Reading ‘The Dying Season’ by Lynda E Rucker, I felt the author must have visited a holiday village as described in the story. There’s an authenticity to the detail. I could imagine the writer, perhaps as a child, finding in this very mundane setting of identical cabins a kind of terror – the uniformity becomes sinister, disorientating. The uniform shacks are like traps to snare the unwary. And what exactly did happen in the cabin next door? It’s apparently abandoned, hasn’t been lived in for years, yet the protagonist, on her arrival at the place, hears the voice of child within. We also find some ‘living odd’ in a couple of the characters – something Aickman often included in his tales. The protagonist might be Mr or Ms Ordinary, but then they meet someone who is patently ‘other’, and cannot walk away from this meeting unchanged. In ‘The Dying Season’, we’re not sure whether the only other apparent inhabitants of the holiday village are just mannered Goth types, striving to be wacky and unconventional, or something distinctly more unsettling – creatures with masks. They are liars with ulterior motives, certainly, but… This story has no end. It stops, but is far from finished. And the fact you don’t discover what happens next is more terrifying than actually being shown. Deft, assured.  A fine example of the genre.

It’s interesting that the three examples above all involve protagonists being on holiday, drawn away from their day to day lives. Holidays are supposed to be relaxing and enjoyable, yet in all these cases the opposite proves true. Holidays, you might end up thinking, are treacherous. Anything can happen when you step outside your ordinary existence of job, home and familiar territory. You liberate yourself in a way that perhaps also makes you vulnerable. You are unhitched from the mundane, floating free. But into what?

As for my favourites, there are three. I’ll mention first ‘Two Brothers’ by Malcolm Devlin (but I like all three stories equally). On the one hand it concerns a boy whose (slightly) older brother has been sent away to school. The brother who returns for the holidays seems strangely and unsettlingly different. And what the protagonist William stumbles across in the woods during his brother’s visit implies the change is sinister, perhaps unspeakable. On the other hand, the story spoke to me of a child losing a friend, or in this case a brother, to looming adulthood. (I wrote of this myself recently in a story called ‘The Violet House or Songs the Martyrs Sang’, which is to be published in a collection called ‘Splinters of Truth’ by Newcon Press next year). While reading ‘Two Brothers’, you feel that sense of loss and bewilderment. Is it simply that or…? That is the playful nature of a story of the weird.

My next favourite is ‘A Change of Scene’ by Nina Allen. Again, featuring two women on holiday from their normal lives, but in this case following bereavements. Both are widows, and the meeker and more malleable Iris is taken by the still glamorous and vibrant Phrynne to a Norfolk town where Phrynne spent her honeymoon. Iris soon notices inconsistencies with Phrynne’s recollections of the past – deliberate lies or simply because of a faulty memory? These women have a history, and Phrynne holds a hurtful secret, which when it comes out and despite Iris’ best efforts to be ‘nice’ can’t help but anger her. The atmosphere is both dreamy and fizzing – if such traits can exist alongside each other. The weird creeps in with beautiful subtlety, like mist off the sea.  Something once happened in this place.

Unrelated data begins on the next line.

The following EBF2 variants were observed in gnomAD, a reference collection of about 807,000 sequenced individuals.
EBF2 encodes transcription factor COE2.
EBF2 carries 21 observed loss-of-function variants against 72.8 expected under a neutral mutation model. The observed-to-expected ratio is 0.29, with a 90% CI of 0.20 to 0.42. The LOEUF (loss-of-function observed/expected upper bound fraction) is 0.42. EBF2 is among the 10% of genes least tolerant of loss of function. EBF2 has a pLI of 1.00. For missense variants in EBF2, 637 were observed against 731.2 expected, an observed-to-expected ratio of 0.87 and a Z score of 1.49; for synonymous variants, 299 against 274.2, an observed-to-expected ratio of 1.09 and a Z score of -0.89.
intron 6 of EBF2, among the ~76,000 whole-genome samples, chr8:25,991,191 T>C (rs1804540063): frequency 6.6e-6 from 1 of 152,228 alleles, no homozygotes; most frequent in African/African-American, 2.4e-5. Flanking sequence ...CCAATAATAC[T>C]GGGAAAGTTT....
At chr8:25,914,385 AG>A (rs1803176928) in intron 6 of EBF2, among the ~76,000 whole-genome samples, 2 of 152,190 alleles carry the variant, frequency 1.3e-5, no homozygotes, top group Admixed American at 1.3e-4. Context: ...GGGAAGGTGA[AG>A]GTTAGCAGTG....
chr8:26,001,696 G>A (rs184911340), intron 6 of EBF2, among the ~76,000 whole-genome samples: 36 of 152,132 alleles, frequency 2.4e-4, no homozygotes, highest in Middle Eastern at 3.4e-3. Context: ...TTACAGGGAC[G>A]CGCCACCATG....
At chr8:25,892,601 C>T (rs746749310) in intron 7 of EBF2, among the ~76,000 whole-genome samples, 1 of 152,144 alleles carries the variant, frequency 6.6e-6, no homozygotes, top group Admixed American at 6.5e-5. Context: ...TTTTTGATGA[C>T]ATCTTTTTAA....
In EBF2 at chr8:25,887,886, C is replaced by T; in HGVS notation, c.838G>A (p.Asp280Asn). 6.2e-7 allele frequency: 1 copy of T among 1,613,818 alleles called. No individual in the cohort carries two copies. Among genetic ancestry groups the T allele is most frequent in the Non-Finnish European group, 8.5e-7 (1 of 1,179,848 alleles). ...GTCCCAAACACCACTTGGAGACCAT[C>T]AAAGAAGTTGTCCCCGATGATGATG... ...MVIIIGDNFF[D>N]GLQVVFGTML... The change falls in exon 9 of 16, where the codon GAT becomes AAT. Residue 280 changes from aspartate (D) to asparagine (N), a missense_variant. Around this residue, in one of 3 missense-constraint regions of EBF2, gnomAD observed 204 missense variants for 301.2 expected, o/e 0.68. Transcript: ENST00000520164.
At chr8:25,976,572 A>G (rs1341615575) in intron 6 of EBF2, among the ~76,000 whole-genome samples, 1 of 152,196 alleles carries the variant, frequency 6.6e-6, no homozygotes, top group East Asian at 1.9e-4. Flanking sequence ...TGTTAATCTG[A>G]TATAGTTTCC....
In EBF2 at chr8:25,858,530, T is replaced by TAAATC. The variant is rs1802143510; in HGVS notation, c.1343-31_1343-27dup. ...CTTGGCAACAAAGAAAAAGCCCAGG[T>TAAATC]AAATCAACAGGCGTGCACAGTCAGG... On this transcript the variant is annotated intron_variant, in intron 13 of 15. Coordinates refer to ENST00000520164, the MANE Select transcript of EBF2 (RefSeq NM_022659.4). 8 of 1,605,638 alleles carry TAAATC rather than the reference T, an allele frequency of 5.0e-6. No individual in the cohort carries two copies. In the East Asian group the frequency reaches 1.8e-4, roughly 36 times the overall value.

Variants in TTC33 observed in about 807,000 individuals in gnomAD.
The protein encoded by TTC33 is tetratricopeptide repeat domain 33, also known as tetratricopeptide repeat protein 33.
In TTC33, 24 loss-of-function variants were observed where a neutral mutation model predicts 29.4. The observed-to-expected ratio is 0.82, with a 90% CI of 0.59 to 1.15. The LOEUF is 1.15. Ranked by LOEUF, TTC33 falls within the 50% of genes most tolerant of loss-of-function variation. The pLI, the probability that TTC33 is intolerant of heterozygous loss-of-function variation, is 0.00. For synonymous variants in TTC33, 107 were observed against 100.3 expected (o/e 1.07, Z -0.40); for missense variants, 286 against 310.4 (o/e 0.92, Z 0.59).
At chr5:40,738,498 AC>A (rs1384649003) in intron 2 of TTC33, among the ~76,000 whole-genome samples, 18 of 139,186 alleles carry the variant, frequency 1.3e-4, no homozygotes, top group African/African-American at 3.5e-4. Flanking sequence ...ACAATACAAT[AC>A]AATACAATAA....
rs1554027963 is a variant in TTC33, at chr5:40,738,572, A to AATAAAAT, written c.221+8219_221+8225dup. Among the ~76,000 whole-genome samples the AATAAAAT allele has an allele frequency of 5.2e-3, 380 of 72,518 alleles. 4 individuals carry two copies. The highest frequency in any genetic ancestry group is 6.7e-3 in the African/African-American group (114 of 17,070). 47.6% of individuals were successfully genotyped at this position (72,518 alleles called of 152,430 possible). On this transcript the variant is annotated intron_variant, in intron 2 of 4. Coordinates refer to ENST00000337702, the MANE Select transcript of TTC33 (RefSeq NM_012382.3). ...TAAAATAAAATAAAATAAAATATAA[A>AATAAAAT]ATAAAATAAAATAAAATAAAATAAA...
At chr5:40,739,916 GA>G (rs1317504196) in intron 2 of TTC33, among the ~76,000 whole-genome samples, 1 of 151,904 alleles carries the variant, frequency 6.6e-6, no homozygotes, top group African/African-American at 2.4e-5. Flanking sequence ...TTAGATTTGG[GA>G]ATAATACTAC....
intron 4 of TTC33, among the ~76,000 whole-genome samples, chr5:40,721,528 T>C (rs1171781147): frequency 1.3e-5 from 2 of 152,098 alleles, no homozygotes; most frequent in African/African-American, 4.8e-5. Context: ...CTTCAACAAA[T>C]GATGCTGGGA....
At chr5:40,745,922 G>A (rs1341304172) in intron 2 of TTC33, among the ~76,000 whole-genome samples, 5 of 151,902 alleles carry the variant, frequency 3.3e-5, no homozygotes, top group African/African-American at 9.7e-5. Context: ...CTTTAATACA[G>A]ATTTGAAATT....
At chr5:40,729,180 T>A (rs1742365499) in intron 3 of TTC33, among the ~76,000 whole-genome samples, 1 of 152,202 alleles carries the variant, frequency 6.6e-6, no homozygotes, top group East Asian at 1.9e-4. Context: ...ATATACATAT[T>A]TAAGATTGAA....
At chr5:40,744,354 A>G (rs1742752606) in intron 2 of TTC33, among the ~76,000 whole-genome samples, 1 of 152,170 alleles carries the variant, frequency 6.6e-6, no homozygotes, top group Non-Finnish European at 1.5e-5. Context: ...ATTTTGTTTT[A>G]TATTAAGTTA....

I’ve always loved Lisa Tuttle’s work, and her story here ‘The Book That Finds You’ is another fine example of her deft hand. It concerns a young writer and enthusiast of weird stories, who comes across an author no one appears to have heard of – J W Archibald. She finds a battered old paperback in a second hand store and is entranced by the contents. Archibald’s work is described as being much like Aickman’s. Eventually, the protagonist finds what she believes to be a soulmate, a fellow enthusiast, who not only knows of the collection she found but owns more work by Archibald. It’s difficult to say more of this story in a review because the weirdness doesn’t really start to creep in until after certain things happen that would certainly be plot spoilers. Suffice to say our heroine collides with the strange on a visit to Archibald’s home country. Fiction bleeds into reality, but not in a way you’d expect.

As well as the favourite stories I’ve mentioned above, all the pieces are good reads, even what I considered to be the weakest of them – and after all, that is down to taste and preference. Other readers might prefer the more hallucinatory stories.

I’m at present compiling an anthology of weird fiction with Paul Houghton, who’s a Senior Lecturer in the Faculty of Arts and Creative Technologies at Staffs University. We’re both huge fans of the genre. But the majority of submissions we’ve had in are simply horror stories. Despite our – we thought – carefully worded brief for contributions, some authors don’t quite seem to ‘get’ what weird fiction is. A vampire is not weird. A serial killer is not weird. Supernatural, yes, horrible, yes, but not weird. These tropes are simply too familiar. A writer of the weird looks for the unfamiliar in everyday situations and people.

Any writer who wishes to dip their toes into weird fiction should read ‘Aickman’s Heirs’ to see how it’s done well. I’m delighted that discovering this volume has led me to writers I’ve not read before, which means there will be more books for me to discover and devour. To assist in this aim, Undertow Publications have other fascinating titles I’m keen to read, among them ‘The Year’s Best Weird Fiction’ (one volume 2014 available, with 2015 to come), and also ‘Shadows and Tall Trees’ which was and is an annual anthology. Sadly, not many of them remain in print. I noticed from the Undertow web site that a few of their list are available as eBooks. I really hope the earlier volumes of ‘Shadows and Tall Trees’ are eventually released in this format too. As a publisher myself, I hate to see books go out of print completely, especially when I have a hankering to read them!

Here’s a link to the site: http://www.undertowbooks.com/

Advertisements